A pragmatic collector realizes that at certain times removing an item from ones collection is just as important as adding an item. If we're not to become hoarders we must constantly evaluate the items in our collections with an eye towards improvement and with focus on our goal as long term collectors. Let me demonstrate with some examples.
Example 1: Weber Costello 8 inch school globe, 1928
This is a great globe that I've had in my collection for many years. It's representative of a classic 1920's classroom globe, and it's in very nice shape, but it's destined to be sold someday. Why you ask......? Well because someday I'm going to run across a stunningly perfect example of this globe, they are not uncommon and surely that day will come. When it does it's out with the old and in with the new. I won't hold onto two examples of the same globe I call this the "upgrade sell" it is probably the most common reason an advancing collector sells anything.
Example 2: Crams 16 inch political floor globe, 1938
Ah.....my very first globe purchase.......a quality floor globe, in great shape. I bought this globe when I knew nothing about globes its big, its nice and eventually it's going bye bye.... I'm generally a bit of a sentimentalist but I've got to be a pragmatist also. I don't own a warehouse, and floor globes are big bulky furniture. I've got room for 1 maybe 2 exceptional floor globes, or a nice pair of floor globes ( ideally actually) so what's wrong with this pre war Cram's.....? Nothing! It's just one of those eventual sales that will take place as another "upgrade sell" . Another collector will have a chance to love this globe as much as I do because I'll be busy loving a new floor model 1885 Andrews.... for example....!! The upgrade sell...........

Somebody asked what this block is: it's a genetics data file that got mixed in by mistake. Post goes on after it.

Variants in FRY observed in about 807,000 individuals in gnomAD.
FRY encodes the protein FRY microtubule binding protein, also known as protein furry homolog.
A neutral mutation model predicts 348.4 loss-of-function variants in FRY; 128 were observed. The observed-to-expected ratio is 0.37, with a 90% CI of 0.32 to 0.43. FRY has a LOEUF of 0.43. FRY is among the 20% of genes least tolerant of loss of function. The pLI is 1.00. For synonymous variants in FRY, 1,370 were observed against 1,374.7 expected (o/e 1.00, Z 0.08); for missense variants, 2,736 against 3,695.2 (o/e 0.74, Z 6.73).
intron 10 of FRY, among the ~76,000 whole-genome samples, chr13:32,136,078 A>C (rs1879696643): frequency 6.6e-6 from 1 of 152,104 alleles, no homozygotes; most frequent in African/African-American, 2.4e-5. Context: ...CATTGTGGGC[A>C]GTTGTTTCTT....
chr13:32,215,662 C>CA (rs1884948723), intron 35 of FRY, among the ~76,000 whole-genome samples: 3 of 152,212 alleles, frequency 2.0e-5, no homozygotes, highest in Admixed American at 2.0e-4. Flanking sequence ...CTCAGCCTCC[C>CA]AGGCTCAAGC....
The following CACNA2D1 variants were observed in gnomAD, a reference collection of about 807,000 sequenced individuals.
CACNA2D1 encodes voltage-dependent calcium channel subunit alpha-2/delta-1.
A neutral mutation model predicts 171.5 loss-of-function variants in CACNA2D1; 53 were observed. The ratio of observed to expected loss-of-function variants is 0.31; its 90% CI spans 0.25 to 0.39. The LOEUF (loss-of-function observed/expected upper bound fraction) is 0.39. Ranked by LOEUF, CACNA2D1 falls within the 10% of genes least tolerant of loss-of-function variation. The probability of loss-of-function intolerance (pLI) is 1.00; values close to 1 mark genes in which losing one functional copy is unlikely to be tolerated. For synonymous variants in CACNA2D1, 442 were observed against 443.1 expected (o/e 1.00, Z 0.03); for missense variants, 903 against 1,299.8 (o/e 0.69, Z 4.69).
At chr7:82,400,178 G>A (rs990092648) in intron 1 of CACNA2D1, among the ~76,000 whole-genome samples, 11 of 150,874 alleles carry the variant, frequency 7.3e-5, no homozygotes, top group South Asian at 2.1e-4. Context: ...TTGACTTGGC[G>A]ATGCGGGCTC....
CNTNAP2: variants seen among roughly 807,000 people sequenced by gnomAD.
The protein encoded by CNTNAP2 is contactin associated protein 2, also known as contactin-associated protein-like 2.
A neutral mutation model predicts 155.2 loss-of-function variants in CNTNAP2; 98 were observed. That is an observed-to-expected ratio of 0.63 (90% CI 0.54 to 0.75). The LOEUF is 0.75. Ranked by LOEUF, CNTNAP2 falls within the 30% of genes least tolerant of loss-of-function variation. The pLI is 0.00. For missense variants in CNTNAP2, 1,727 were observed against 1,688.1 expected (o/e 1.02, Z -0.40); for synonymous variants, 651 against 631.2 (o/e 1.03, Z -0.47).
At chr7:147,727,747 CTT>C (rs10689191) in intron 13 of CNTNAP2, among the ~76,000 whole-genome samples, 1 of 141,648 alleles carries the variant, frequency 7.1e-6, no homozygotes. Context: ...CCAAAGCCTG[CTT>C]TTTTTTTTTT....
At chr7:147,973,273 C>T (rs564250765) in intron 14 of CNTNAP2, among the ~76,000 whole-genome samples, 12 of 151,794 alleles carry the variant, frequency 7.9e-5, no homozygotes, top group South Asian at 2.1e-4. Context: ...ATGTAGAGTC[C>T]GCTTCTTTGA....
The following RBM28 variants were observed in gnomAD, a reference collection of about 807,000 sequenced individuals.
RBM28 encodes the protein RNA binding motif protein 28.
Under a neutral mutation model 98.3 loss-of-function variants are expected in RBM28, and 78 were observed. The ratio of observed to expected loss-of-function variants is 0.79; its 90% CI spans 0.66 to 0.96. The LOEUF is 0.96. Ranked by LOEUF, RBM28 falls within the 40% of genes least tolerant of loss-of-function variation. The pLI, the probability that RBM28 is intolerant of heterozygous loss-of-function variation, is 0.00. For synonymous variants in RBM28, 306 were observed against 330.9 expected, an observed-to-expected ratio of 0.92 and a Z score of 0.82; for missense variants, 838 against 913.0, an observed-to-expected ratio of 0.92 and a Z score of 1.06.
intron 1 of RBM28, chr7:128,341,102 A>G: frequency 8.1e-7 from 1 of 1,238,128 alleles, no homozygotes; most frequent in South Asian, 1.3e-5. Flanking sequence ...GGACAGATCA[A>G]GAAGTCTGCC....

Example 3: H. Kiepert miniture globe 1896
I like this globe, it's stunning in it's detail close up. and the compass still works! It's actually dated at 1896 in the cartouche, it's 120 plus years young, and earlier this year the circumstances were right for a sale. Now this little gem is complicated. It's in marvelous shape, near pristine. I decided to part with this one eventually because it just does not fit the narrative of my collection. I'm trying to build a collection that focuses on the history of American globe making, and this little guy is German. Now the German history and additions to the art of globe manufacture are incredible, they just don't fit my collection, this gem of a globe will be more happy in another collection.
Knowing what to buy, and knowing what to sell in a collection are equally important. When your a new collector you focus on acquisition nearly 100%. I've had globes before that just a few years earlier I figured I'd never part with. Buying and holding everything.....well that's hoarding threes a DSM-5 code for hoarding now ( 300.3 BTW) So I never want to be called a hoarder that's mental illness!! ( OK tongue in cheek) no seriously..... it is.
Anyhow setting goals, smart buying, education ( that's the big one) and smart selling. That's collection building 101, that's connoisseurship. That sounds so much better.
Merry Christmas, Happy Hanukkah, Joyous Festivus ( Dec 23) , Lest we forget my favorite Boxing day!!